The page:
Stevenson | Buchanan Building, 160 Sir Lowry Road, Woodstock 7925, Cape Town, South Africa | More info

 

 

CHAMPAIGN

 

Krannert Art Museum | Counterpoints / Moshekwa Langa: Mogalakwena
~ May.12

Counterpoints / Moshekwa Langa: Mogalakwena, installation view. Courtesy of the artist. Photos | Krannert Art Museum, University of Illinois, Urbana-Champaign.

Counterpoints / Moshekwa Langa: Mogalakwena, installation view, 2013.
Courtesy Krannert Art Museum, University of Illinois at Urbana Champaign.

 

Counterpoints | Moshekwa Langa: Mogalakwena presents the work of artist Moshekwa Langa.  Known for his usage of everyday objects and organic materials, Langa creates whimsical, map-like collages and imaginary landscapes that link disparate things. Langa’s diaristic paintings and assemblages are born of a boyhood fascination with the power of words to conjure images in the mind’s eye.

Discovering that Bakenberg the town of his birth (located in apartheid-era KwaNdebele “homeland”) was not even on the maps he was shown at school, Langa assembled his own map and inserted himself into it. Today, Langa is perhaps best known for his introspective, almost insurgent visual journeys through time, place, and memory, and for his attention to ephemeral acts and events that evoke enduring narratives of (be)longing, displacement, and solitude.

Immersive and topographical, Langa’s poetic installations emerge from his intimate connections to people and places, often lost or left behind. Though free of distinct destinations, they are navigable terrains, adeptly exploiting the aesthetic and accidental offerings of his chosen materials. Langa “draws” with yarn and string, and delights in the abundance of small colorful toys interspersed among fanciful outcrops of books and LPs. The beet juice, salt crystals, wine, coffee, and tea with which he paints possess an organic materiality that is eternally giving, and in Langa’s hands, capable of extraordinary beauty. Collaged adjacencies clipped and created anew become layered striations and fragmented terrains of Dutch tulip fields, South African thorn trees, mirages, and thresholds of interior, mystical spaces. Indeed, Langa’s psycho-geographical mark-making throws into relief the limits of place-based identity, African or otherwise, and the liberating power to envision the spaces in between.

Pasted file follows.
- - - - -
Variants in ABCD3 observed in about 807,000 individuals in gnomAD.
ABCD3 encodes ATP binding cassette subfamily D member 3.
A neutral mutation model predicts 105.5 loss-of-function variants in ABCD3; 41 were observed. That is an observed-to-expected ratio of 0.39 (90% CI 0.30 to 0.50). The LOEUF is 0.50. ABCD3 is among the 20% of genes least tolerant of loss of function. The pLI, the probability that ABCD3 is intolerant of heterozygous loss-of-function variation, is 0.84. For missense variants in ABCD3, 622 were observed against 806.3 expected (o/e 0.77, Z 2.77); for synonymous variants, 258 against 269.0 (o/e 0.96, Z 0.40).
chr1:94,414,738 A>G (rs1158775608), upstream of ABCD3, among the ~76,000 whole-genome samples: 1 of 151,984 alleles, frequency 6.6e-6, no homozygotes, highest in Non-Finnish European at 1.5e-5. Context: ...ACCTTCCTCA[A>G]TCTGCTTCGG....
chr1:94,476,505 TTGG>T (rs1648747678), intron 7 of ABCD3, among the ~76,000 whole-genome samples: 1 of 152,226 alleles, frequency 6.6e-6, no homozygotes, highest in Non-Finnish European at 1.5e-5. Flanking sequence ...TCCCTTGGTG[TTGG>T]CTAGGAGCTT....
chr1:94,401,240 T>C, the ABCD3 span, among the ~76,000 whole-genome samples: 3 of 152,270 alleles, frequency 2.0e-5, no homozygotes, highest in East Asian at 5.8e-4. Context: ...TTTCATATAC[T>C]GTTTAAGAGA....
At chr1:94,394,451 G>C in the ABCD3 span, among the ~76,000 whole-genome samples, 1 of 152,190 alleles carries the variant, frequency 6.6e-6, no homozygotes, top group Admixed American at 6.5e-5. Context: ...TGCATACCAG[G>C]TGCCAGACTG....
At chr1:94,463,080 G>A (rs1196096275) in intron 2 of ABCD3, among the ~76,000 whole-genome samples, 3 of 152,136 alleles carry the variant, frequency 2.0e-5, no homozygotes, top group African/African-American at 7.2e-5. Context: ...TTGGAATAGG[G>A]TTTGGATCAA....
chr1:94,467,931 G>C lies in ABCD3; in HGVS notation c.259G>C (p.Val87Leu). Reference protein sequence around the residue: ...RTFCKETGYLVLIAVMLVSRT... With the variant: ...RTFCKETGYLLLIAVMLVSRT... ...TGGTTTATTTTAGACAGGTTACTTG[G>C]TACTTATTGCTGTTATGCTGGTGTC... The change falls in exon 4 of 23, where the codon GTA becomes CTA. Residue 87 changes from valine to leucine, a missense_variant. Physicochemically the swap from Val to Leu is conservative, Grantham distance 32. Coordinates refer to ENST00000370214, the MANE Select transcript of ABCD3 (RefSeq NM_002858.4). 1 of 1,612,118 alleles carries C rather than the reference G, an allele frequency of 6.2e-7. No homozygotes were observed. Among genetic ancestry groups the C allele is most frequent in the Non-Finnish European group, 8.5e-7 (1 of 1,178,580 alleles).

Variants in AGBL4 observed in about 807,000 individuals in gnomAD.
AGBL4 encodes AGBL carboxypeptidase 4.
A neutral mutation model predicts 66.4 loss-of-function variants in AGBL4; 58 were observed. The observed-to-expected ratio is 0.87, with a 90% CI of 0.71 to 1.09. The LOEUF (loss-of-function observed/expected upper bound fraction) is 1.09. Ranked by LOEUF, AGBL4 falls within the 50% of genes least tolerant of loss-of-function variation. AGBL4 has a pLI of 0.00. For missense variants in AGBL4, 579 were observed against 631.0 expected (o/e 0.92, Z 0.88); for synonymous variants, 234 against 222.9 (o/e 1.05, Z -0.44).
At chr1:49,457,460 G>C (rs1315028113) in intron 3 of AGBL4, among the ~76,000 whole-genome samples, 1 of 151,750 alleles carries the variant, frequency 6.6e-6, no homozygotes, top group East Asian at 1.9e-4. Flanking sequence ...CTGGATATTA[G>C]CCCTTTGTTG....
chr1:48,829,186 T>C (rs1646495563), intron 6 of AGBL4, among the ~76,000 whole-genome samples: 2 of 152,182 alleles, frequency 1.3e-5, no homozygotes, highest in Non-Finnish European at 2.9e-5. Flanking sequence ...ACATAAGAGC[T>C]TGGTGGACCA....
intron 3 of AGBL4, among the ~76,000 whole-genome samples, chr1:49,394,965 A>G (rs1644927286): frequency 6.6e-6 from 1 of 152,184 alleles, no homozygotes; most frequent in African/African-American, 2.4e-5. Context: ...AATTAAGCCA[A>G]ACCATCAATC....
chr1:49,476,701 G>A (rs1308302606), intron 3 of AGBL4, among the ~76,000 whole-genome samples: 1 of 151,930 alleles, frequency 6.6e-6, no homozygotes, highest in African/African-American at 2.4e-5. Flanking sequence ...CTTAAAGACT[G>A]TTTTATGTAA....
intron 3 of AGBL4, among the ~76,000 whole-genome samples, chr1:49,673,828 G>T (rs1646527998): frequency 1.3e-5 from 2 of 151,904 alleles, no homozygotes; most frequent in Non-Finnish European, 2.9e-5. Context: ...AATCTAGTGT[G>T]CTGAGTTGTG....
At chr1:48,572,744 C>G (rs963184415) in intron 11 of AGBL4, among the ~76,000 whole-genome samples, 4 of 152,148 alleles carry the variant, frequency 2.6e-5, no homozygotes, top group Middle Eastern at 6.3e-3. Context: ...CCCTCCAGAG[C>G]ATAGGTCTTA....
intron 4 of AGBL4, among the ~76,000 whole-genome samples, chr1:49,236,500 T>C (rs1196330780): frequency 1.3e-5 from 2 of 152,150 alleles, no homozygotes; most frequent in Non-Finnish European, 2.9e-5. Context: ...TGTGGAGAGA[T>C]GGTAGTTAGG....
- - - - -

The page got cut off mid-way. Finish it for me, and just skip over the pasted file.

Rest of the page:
Krannert Art Museum and Kinkead Pavilion | 500 East Peabody Drive, Champaign, Illinois 61820, United States | More info | facebook

 

 

DAKAR

 

Raw Material Company | Hollandaise : a journey into an iconic fabric
Apr.10 ~ Jun.1

Godfried Donkor. The Currency of Ntoma (fabric), two-channel video projection, 2012 (video still).

Godfried Donkor. The Currency of Ntoma (fabric), two-channel video projection, 2012 (video still). Courtesy of the artist and Raw Material Company.

 

HOLLANDAISE : A Journey into an iconic fabric looks at the long-standing economic relation between The Netherlands and the African continent through a critical, contemporary art exhibition. First shown last November in the Netherlands at Stedelijk Museum Bureau Amsterdam the exhibition now travels to Dakar.

Built on a creative and analytical examination of historical, global developments and their local implications in relation to iconic Dutch wax cloth, curator Koyo Kouoh invites fives artists working with textile as a medium to reflect and create new works for this exhibition. Hollandaise, this brightly coloured fabric regarded as typically African, is however the result of complex globalisation processes that right down to this day exhibit colonial features.

Artists | Godfried Donkor (Ghana), Abdoulaye Konaté (Mali), Wendelien van Oldenborgh (The Netherlands), Willem de Rooij (The Netherlands), Billie Zangewa (Malawi).